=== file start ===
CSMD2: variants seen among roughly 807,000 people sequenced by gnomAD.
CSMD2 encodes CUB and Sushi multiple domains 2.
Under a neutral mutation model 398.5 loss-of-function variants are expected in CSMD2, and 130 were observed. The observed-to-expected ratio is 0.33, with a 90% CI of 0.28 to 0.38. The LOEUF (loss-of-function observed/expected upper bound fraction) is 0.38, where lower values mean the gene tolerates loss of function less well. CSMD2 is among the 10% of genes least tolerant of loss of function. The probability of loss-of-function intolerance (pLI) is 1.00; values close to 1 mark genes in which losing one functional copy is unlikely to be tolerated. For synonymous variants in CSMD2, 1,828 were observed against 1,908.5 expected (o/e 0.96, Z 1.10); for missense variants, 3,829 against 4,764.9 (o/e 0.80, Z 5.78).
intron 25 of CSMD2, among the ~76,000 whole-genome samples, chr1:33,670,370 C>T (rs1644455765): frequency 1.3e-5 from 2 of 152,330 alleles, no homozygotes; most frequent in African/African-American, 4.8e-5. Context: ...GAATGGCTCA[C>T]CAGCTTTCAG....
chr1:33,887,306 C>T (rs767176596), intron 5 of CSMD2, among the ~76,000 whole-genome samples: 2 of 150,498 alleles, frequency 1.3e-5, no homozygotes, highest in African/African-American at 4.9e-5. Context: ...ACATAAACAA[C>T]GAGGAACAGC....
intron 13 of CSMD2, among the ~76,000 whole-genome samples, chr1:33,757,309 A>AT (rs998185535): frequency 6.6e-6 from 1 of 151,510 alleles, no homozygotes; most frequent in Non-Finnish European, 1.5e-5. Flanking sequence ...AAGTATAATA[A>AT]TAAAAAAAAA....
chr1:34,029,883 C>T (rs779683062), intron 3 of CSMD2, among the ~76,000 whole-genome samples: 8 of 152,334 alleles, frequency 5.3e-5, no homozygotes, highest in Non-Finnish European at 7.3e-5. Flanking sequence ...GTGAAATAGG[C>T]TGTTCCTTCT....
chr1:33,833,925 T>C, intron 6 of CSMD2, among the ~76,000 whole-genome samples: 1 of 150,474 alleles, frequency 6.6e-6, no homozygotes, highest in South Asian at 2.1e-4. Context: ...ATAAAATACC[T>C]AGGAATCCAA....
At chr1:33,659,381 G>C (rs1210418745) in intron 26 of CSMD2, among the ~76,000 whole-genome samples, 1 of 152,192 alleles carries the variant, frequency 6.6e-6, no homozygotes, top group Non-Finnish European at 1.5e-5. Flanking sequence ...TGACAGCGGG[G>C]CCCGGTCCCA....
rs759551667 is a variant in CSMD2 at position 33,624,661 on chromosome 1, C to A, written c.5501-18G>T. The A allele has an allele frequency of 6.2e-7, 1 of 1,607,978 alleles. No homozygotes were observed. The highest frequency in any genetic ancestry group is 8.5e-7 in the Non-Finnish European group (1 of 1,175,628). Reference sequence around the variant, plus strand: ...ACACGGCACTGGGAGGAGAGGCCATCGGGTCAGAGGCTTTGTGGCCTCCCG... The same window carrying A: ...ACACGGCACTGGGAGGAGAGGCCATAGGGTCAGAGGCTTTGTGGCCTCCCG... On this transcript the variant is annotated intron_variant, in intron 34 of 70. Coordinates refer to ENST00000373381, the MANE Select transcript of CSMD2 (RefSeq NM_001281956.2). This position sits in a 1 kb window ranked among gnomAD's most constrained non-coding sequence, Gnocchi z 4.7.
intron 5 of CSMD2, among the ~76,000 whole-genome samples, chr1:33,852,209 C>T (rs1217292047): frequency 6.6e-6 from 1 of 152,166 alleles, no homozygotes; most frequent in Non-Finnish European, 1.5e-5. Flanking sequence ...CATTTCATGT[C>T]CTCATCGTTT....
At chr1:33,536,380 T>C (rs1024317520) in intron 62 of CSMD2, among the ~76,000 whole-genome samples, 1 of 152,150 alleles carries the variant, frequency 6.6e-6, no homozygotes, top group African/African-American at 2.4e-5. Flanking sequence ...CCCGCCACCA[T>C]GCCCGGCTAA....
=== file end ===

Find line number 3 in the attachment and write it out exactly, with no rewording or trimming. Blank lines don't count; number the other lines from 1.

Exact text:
Under a neutral mutation model 398.5 loss-of-function variants are expected in CSMD2, and 130 were observed. The observed-to-expected ratio is 0.33, with a 90% CI of 0.28 to 0.38. The LOEUF (loss-of-function observed/expected upper bound fraction) is 0.38, where lower values mean the gene tolerates loss of function less well. CSMD2 is among the 10% of genes least tolerant of loss of function. The probability of loss-of-function intolerance (pLI) is 1.00; values close to 1 mark genes in which losing one functional copy is unlikely to be tolerated. For synonymous variants in CSMD2, 1,828 were observed against 1,908.5 expected (o/e 0.96, Z 1.10); for missense variants, 3,829 against 4,764.9 (o/e 0.80, Z 5.78).